However, the increase in longevity has come with other costs. Some have argued that one rea- son the United States has not been able to fund medical care for the entire population is the high costs associated with operating a healthcare system that is reliant on medical technologies (Chaudhry et al., 2006). In contrast, other countries with a universal healthcare system (e.g., the United Kingdom [UK] and Canada) have much tighter regulations on the use of technology in basic healthcare. These health systems use medical rationing, a process which restricts health- care goods and services based on the value they add to an additional year of an individual’s life (i.e., quality-adjusted life year). For example, in the UK, the healthcare system generally does not recommend paying for therapies that exceed more than $31,000 to $47,000 for each year of life gained (Porter, 2012). As a result, a patient might not have access to the latest (i.e., most expen- sive) therapy available. This type of rationing has been strongly criticized for “putting a price on life” and has been widely rejected by the majority of Americans. The tradeoff is that medical rationing enables the UK to offer free healthcare to all its legal residents, not simply to those who can afford it.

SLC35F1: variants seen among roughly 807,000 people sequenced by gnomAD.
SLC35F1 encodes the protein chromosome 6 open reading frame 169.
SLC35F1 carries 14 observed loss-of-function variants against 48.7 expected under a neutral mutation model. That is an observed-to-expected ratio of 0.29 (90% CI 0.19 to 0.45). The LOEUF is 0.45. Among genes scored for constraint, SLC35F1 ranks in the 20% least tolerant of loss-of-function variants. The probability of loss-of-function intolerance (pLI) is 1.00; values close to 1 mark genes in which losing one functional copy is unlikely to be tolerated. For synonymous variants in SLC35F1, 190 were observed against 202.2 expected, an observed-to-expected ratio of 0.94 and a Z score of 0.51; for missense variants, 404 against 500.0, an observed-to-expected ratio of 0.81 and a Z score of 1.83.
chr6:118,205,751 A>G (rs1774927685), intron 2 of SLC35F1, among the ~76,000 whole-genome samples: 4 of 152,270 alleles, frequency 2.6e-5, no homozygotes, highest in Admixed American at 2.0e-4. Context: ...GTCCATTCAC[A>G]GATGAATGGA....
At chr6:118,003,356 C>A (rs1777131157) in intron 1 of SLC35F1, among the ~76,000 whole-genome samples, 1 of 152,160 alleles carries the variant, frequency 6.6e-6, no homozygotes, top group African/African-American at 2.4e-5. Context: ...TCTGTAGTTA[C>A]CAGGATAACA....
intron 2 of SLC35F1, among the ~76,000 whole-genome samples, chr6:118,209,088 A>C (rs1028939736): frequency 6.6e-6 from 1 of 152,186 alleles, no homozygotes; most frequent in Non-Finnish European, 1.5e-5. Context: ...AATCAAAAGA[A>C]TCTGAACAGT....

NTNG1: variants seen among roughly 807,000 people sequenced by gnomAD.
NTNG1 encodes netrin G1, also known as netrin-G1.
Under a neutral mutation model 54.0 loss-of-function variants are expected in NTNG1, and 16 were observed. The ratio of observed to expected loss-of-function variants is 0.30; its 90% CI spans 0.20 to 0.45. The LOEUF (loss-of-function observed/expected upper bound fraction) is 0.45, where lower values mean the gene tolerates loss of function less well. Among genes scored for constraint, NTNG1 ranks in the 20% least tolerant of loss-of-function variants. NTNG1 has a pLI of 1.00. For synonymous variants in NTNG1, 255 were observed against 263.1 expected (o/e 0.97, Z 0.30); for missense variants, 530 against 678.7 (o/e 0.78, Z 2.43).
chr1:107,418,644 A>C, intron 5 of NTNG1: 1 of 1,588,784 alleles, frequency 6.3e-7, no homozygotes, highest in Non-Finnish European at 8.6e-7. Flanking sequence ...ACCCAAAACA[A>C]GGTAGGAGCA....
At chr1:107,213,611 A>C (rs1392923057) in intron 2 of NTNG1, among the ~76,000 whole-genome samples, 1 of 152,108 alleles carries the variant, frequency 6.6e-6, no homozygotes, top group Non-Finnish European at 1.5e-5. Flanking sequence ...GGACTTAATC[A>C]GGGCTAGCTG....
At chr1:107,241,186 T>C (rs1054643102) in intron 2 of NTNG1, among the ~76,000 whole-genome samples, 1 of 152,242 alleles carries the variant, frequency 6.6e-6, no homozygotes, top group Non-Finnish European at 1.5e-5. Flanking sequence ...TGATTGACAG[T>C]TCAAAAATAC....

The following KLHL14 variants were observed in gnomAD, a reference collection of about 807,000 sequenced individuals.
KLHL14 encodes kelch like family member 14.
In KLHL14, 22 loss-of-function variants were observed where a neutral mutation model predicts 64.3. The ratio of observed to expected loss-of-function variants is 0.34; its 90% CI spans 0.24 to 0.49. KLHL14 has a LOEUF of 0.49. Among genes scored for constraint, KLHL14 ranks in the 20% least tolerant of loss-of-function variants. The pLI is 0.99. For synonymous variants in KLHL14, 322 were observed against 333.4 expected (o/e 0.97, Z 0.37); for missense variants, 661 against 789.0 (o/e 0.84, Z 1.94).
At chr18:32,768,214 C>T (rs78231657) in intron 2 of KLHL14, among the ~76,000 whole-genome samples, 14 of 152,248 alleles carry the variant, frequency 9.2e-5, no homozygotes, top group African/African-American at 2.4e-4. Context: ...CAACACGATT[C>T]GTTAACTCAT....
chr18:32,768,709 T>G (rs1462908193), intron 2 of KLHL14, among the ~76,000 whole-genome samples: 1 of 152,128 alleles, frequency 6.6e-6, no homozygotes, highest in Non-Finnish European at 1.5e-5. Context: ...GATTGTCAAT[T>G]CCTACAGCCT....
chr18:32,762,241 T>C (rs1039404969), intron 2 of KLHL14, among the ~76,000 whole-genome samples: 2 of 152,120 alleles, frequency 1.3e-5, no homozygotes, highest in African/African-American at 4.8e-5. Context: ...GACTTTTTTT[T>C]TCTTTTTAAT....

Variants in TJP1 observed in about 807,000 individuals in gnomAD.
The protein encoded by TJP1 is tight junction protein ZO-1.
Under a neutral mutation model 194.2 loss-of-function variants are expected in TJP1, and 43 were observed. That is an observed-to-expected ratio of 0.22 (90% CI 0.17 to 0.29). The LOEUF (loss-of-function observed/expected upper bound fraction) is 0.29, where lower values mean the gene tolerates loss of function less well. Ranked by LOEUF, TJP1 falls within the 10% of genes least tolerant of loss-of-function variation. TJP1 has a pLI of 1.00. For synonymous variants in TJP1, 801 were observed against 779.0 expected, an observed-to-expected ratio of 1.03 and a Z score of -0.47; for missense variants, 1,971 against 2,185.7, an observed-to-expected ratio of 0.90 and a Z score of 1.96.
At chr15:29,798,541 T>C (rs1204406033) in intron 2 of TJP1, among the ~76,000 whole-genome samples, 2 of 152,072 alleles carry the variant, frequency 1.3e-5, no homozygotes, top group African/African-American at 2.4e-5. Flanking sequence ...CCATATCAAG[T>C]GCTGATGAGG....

U N D E R T H E M I C R O S C O P E

The Automated External Defibrillator (AED)

The idea of using electrical impulses to treat abnormal electrical activity in the heart was first conceived in the 1800s in Switzerland and was used in the United States in the early 1930s in hospital settings (Furman, 2002). However, it was the invention of the automated external defibrillator (AED) that was responsible for the gradually increasing numbers of people surviving sudden cardiac arrest. Increased portability, availability, and ease of use have made AEDs an accessible medical technology that has saved many lives.

Baloncici/iStock/Thinkstock

▶ First conceived in the 1800s, the automated external defibrillator has been credited with saving many lives.

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The Debate Surrounding the Latest Technologies Chapter 10

10.2 The Debate Surrounding the Latest Technologies A key aspect of the culture of healthcare—and a source of national pride—is international recog- nition that the U.S. healthcare system provides the latest and the most technologically advanced care. Tied to the ideas inherent in the biomedical model of health (see Chapter 1), medical inter- ventions are supported by technological advances in almost all areas of medicine.

Attitudes toward Medical Technologies